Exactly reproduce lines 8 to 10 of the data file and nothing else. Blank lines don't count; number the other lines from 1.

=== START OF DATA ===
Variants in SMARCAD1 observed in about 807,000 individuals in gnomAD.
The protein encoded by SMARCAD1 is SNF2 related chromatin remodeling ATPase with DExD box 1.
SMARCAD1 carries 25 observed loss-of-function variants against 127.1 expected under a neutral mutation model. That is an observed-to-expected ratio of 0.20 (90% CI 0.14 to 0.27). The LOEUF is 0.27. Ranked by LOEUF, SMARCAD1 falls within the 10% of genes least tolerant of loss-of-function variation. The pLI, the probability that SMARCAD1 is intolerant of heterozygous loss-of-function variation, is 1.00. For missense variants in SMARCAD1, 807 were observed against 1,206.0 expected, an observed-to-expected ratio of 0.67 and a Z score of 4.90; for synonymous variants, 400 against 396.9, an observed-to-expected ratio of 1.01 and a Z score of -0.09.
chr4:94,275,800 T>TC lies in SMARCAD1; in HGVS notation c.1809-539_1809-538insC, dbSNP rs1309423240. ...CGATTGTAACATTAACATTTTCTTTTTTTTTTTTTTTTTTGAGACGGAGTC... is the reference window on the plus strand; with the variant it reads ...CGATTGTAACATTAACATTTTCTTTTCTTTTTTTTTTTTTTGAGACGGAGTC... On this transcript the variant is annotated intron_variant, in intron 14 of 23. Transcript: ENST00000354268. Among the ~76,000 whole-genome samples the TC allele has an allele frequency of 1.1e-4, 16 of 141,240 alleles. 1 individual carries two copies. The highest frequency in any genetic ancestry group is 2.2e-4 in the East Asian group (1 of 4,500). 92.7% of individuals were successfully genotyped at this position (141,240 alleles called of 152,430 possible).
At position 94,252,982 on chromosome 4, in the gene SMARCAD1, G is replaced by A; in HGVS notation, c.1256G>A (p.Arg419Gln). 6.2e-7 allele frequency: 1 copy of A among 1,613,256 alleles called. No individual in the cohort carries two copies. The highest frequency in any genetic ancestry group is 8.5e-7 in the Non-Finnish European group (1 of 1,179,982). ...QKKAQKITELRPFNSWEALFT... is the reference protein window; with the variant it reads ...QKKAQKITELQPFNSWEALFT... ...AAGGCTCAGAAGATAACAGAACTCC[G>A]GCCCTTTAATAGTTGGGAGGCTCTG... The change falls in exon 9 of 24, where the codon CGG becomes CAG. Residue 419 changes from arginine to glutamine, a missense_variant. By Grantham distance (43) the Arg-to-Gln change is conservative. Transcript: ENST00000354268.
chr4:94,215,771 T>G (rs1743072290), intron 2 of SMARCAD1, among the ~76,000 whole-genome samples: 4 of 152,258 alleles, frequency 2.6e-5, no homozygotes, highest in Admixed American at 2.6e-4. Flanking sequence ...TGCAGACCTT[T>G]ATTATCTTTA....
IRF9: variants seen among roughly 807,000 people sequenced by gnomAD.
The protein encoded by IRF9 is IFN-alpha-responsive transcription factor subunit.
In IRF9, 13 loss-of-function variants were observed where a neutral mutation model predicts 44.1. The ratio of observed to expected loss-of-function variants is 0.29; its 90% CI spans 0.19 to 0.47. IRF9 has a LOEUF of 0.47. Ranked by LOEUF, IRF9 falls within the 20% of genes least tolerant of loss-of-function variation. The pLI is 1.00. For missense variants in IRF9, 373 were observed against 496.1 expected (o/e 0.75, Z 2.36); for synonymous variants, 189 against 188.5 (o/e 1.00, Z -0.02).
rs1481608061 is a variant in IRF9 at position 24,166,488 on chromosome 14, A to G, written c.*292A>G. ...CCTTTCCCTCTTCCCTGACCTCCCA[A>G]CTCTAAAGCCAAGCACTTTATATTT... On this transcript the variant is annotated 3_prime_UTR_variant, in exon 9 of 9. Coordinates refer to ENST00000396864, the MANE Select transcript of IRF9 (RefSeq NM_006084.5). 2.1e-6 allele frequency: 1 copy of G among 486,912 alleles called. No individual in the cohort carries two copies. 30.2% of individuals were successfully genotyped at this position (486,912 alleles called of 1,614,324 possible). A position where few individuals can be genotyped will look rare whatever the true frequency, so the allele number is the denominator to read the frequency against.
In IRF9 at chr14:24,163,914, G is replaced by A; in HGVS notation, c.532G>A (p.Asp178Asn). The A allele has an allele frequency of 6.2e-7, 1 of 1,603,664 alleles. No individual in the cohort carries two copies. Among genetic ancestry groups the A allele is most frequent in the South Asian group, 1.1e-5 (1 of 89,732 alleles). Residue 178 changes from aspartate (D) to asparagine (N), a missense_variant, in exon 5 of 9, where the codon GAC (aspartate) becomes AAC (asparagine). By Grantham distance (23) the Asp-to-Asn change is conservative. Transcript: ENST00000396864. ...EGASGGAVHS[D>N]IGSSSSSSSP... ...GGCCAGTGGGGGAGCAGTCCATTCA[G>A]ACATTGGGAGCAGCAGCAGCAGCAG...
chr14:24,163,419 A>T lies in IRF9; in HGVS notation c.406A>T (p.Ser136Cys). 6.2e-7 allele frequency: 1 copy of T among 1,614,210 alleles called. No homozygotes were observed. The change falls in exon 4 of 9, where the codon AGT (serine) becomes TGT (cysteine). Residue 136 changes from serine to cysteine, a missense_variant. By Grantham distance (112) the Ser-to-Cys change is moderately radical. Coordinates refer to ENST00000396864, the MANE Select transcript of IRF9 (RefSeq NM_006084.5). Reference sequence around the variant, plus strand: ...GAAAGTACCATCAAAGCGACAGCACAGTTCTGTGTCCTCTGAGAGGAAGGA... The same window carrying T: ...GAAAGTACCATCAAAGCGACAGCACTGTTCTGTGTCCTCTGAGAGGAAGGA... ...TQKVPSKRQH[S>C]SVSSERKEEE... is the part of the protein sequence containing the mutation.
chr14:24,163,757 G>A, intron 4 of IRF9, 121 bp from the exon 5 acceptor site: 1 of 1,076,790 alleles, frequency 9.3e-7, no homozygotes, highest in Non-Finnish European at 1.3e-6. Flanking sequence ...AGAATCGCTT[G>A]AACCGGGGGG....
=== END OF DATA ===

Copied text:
The protein encoded by IRF9 is IFN-alpha-responsive transcription factor subunit.
In IRF9, 13 loss-of-function variants were observed where a neutral mutation model predicts 44.1. The ratio of observed to expected loss-of-function variants is 0.29; its 90% CI spans 0.19 to 0.47. IRF9 has a LOEUF of 0.47. Ranked by LOEUF, IRF9 falls within the 20% of genes least tolerant of loss-of-function variation. The pLI is 1.00. For missense variants in IRF9, 373 were observed against 496.1 expected (o/e 0.75, Z 2.36); for synonymous variants, 189 against 188.5 (o/e 1.00, Z -0.02).
rs1481608061 is a variant in IRF9 at position 24,166,488 on chromosome 14, A to G, written c.*292A>G. ...CCTTTCCCTCTTCCCTGACCTCCCA[A>G]CTCTAAAGCCAAGCACTTTATATTT... On this transcript the variant is annotated 3_prime_UTR_variant, in exon 9 of 9. Coordinates refer to ENST00000396864, the MANE Select transcript of IRF9 (RefSeq NM_006084.5). 2.1e-6 allele frequency: 1 copy of G among 486,912 alleles called. No individual in the cohort carries two copies. 30.2% of individuals were successfully genotyped at this position (486,912 alleles called of 1,614,324 possible). A position where few individuals can be genotyped will look rare whatever the true frequency, so the allele number is the denominator to read the frequency against.